Supporters and critics will face off Tuesday in the first public hearing over a controversial plan to build a natural gas transfer station 19 miles south of Jones Beach.
Under the "Port Ambrose" project, Liberty Natural Gas would build a $300 million system consisting of two buoys, two pipelines and a 22-mile main. This main would link up to an existing natural gas pipeline system that serves Long Island and New York City.
A tanker, which would cost $300 million, would carry up to 3.75 billion cubic feet of liquefied natural gas, mostly from the Caribbean, and turn it into a gas before pumping it through the buoys, according to the plan.
The federal license would authorize up to 45 tanker trips a year, but Roger Whelan, Liberty's chief executive and president, expected eight to 12 trips a year would be possible.
The project would bring 600 construction jobs and lower consumers' natural gas bills, Whelan said.
But opponents worry about gas explosions and tanker accidents, saying it's about 30 miles east of New Jersey and too close to busy New York Harbor.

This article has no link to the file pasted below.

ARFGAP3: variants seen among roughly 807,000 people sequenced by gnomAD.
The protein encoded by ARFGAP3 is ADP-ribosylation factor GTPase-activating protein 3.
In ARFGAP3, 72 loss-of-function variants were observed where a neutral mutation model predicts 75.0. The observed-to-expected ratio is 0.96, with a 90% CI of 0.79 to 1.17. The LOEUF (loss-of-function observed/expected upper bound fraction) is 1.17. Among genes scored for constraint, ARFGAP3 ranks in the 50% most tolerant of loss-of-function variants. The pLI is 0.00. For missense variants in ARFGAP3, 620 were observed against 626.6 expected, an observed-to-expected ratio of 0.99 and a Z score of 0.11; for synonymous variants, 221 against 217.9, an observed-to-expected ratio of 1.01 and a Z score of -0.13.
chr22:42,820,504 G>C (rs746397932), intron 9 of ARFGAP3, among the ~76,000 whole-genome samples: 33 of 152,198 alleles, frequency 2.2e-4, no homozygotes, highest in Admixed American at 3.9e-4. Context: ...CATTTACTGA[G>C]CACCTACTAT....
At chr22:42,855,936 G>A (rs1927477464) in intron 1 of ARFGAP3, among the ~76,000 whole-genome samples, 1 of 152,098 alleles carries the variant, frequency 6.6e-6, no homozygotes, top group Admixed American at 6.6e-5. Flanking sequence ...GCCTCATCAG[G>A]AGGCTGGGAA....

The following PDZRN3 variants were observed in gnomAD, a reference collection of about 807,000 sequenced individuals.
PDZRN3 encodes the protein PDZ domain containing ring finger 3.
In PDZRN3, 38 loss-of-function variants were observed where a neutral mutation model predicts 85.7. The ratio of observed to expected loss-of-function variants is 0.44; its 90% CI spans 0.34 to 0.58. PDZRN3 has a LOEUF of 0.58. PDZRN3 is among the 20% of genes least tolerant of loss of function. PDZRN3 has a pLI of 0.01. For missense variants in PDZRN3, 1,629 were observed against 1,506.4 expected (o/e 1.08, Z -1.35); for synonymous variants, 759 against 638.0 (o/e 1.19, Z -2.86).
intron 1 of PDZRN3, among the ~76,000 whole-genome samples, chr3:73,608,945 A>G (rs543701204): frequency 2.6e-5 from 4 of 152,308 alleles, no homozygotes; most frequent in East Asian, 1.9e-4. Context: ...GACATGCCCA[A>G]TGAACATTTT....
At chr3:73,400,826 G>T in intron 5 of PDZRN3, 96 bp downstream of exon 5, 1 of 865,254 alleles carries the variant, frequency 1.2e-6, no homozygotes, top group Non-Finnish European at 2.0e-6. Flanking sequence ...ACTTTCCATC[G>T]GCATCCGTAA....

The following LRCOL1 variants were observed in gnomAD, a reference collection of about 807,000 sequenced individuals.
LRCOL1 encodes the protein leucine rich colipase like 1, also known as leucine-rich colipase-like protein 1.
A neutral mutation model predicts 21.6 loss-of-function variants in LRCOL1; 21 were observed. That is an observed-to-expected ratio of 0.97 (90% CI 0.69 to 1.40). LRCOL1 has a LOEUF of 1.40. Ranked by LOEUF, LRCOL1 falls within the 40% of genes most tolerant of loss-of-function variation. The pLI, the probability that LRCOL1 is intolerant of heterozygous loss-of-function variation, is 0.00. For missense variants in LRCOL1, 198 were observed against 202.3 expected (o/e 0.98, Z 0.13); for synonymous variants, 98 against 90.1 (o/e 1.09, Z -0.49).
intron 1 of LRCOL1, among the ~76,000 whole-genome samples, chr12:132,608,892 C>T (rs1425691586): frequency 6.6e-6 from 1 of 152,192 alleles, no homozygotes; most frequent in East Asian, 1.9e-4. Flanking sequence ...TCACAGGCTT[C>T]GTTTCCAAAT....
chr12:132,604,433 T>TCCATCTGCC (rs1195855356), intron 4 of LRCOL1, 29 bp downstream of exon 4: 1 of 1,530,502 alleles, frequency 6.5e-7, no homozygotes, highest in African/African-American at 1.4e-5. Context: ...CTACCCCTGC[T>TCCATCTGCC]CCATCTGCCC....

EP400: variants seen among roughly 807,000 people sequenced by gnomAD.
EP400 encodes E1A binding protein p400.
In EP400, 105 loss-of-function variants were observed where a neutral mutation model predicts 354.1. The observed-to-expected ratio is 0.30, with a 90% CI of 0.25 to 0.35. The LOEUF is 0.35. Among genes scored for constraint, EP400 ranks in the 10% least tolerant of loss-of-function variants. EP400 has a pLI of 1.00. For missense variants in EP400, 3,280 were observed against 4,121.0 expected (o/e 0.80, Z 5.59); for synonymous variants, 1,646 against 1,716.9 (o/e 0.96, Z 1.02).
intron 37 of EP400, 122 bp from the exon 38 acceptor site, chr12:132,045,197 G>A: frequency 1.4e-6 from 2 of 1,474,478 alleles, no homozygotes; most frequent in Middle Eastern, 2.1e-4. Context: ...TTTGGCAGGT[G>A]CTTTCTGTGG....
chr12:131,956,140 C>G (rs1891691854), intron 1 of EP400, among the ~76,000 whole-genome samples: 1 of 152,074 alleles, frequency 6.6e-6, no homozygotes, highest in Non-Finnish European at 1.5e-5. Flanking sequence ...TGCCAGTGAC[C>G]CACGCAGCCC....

It'll also be inside the area where the New York Power Authority wants to build a wind farm. "We believe this to be the preferred use for the site," the agency said.
Critics claim Liberty will export domestic gas to countries that pay higher prices. Other suppliers have partial government approval to export natural gas.
This export trend will push up natural gas prices domestically and pressure state officials to approve the controversial drilling of natural gas upstate, said Sean Dixon, attorney for Clean Ocean Action in New Jersey.
A 4:30 p.m. open house at the Allegria Hotel in Long Beach will be followed by the 6 p.m. hearing. The U.S. Maritime Administration, the Coast Guard and New York and New Jersey governors must approve the plan.
Nassau Legis. Dave Denenberg (D-Merrick) said he's been frustrated at hearing contradictory arguments: "We need more information."
Whelan said he'll meet with groups to drum up local support. His company, part of an investment fund based in the Cayman Islands and run by a Canadian firm, will give $20 million to $30 million to be a "good citizen" to community groups and to compensate impacted fisheries.